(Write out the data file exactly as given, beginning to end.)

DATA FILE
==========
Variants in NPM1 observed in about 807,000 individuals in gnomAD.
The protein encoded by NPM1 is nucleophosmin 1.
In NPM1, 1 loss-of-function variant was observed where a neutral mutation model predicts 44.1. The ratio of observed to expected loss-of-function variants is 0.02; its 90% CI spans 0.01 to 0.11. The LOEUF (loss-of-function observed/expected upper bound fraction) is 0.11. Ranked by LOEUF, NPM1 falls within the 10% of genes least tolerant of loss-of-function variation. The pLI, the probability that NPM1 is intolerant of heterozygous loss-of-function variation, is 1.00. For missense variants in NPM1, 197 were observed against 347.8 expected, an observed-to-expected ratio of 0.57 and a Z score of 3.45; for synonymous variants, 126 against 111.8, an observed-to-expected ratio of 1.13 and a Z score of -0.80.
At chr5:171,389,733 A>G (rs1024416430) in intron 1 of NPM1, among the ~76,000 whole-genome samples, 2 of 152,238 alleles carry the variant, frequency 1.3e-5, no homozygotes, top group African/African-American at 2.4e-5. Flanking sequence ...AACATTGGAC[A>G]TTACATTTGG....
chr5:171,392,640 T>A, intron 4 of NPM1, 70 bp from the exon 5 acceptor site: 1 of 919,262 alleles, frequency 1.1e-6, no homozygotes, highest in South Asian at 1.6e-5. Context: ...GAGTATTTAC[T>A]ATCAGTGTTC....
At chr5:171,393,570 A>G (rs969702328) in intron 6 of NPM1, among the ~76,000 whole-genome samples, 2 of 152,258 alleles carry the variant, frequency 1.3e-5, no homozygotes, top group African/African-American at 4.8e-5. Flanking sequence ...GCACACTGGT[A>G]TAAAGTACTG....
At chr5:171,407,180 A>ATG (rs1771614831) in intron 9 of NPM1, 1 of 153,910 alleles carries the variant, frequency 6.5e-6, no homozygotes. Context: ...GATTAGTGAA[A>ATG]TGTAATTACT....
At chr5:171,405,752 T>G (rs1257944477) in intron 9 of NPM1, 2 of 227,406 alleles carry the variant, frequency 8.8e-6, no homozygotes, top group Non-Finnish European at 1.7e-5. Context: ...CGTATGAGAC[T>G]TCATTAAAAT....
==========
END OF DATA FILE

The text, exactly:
Variants in NPM1 observed in about 807,000 individuals in gnomAD.
The protein encoded by NPM1 is nucleophosmin 1.
In NPM1, 1 loss-of-function variant was observed where a neutral mutation model predicts 44.1. The ratio of observed to expected loss-of-function variants is 0.02; its 90% CI spans 0.01 to 0.11. The LOEUF (loss-of-function observed/expected upper bound fraction) is 0.11. Ranked by LOEUF, NPM1 falls within the 10% of genes least tolerant of loss-of-function variation. The pLI, the probability that NPM1 is intolerant of heterozygous loss-of-function variation, is 1.00. For missense variants in NPM1, 197 were observed against 347.8 expected, an observed-to-expected ratio of 0.57 and a Z score of 3.45; for synonymous variants, 126 against 111.8, an observed-to-expected ratio of 1.13 and a Z score of -0.80.
At chr5:171,389,733 A>G (rs1024416430) in intron 1 of NPM1, among the ~76,000 whole-genome samples, 2 of 152,238 alleles carry the variant, frequency 1.3e-5, no homozygotes, top group African/African-American at 2.4e-5. Flanking sequence ...AACATTGGAC[A>G]TTACATTTGG....
chr5:171,392,640 T>A, intron 4 of NPM1, 70 bp from the exon 5 acceptor site: 1 of 919,262 alleles, frequency 1.1e-6, no homozygotes, highest in South Asian at 1.6e-5. Context: ...GAGTATTTAC[T>A]ATCAGTGTTC....
At chr5:171,393,570 A>G (rs969702328) in intron 6 of NPM1, among the ~76,000 whole-genome samples, 2 of 152,258 alleles carry the variant, frequency 1.3e-5, no homozygotes, top group African/African-American at 4.8e-5. Flanking sequence ...GCACACTGGT[A>G]TAAAGTACTG....
At chr5:171,407,180 A>ATG (rs1771614831) in intron 9 of NPM1, 1 of 153,910 alleles carries the variant, frequency 6.5e-6, no homozygotes. Context: ...GATTAGTGAA[A>ATG]TGTAATTACT....
At chr5:171,405,752 T>G (rs1257944477) in intron 9 of NPM1, 2 of 227,406 alleles carry the variant, frequency 8.8e-6, no homozygotes, top group Non-Finnish European at 1.7e-5. Context: ...CGTATGAGAC[T>G]TCATTAAAAT....